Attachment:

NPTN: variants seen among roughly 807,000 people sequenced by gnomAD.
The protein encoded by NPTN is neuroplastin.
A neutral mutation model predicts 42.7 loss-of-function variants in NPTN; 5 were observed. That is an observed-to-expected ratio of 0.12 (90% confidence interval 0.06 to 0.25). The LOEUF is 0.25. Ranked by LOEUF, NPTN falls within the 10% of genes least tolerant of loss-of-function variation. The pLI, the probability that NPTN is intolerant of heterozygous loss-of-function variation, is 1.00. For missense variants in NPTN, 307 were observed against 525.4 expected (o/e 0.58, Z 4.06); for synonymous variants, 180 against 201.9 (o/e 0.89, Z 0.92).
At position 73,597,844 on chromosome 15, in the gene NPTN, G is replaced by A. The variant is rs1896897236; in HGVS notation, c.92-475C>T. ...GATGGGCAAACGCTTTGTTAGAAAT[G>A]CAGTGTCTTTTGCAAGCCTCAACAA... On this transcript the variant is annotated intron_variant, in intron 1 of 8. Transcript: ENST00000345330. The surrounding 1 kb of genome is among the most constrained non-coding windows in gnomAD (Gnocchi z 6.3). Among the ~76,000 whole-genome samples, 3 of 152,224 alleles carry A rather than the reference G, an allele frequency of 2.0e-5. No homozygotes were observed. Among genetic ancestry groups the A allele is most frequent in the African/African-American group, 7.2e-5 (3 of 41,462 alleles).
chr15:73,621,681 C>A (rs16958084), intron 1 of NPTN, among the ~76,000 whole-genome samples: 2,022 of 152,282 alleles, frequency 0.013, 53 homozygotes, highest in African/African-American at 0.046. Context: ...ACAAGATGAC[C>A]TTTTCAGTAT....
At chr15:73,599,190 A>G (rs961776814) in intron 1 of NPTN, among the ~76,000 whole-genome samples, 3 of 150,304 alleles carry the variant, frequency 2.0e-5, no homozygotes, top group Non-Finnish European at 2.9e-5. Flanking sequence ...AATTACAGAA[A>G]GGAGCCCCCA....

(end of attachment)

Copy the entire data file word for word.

NPTN: variants seen among roughly 807,000 people sequenced by gnomAD.
The protein encoded by NPTN is neuroplastin.
A neutral mutation model predicts 42.7 loss-of-function variants in NPTN; 5 were observed. That is an observed-to-expected ratio of 0.12 (90% confidence interval 0.06 to 0.25). The LOEUF is 0.25. Ranked by LOEUF, NPTN falls within the 10% of genes least tolerant of loss-of-function variation. The pLI, the probability that NPTN is intolerant of heterozygous loss-of-function variation, is 1.00. For missense variants in NPTN, 307 were observed against 525.4 expected (o/e 0.58, Z 4.06); for synonymous variants, 180 against 201.9 (o/e 0.89, Z 0.92).
At position 73,597,844 on chromosome 15, in the gene NPTN, G is replaced by A. The variant is rs1896897236; in HGVS notation, c.92-475C>T. ...GATGGGCAAACGCTTTGTTAGAAAT[G>A]CAGTGTCTTTTGCAAGCCTCAACAA... On this transcript the variant is annotated intron_variant, in intron 1 of 8. Transcript: ENST00000345330. The surrounding 1 kb of genome is among the most constrained non-coding windows in gnomAD (Gnocchi z 6.3). Among the ~76,000 whole-genome samples, 3 of 152,224 alleles carry A rather than the reference G, an allele frequency of 2.0e-5. No homozygotes were observed. Among genetic ancestry groups the A allele is most frequent in the African/African-American group, 7.2e-5 (3 of 41,462 alleles).
chr15:73,621,681 C>A (rs16958084), intron 1 of NPTN, among the ~76,000 whole-genome samples: 2,022 of 152,282 alleles, frequency 0.013, 53 homozygotes, highest in African/African-American at 0.046. Context: ...ACAAGATGAC[C>A]TTTTCAGTAT....
At chr15:73,599,190 A>G (rs961776814) in intron 1 of NPTN, among the ~76,000 whole-genome samples, 3 of 150,304 alleles carry the variant, frequency 2.0e-5, no homozygotes, top group Non-Finnish European at 2.9e-5. Flanking sequence ...AATTACAGAA[A>G]GGAGCCCCCA....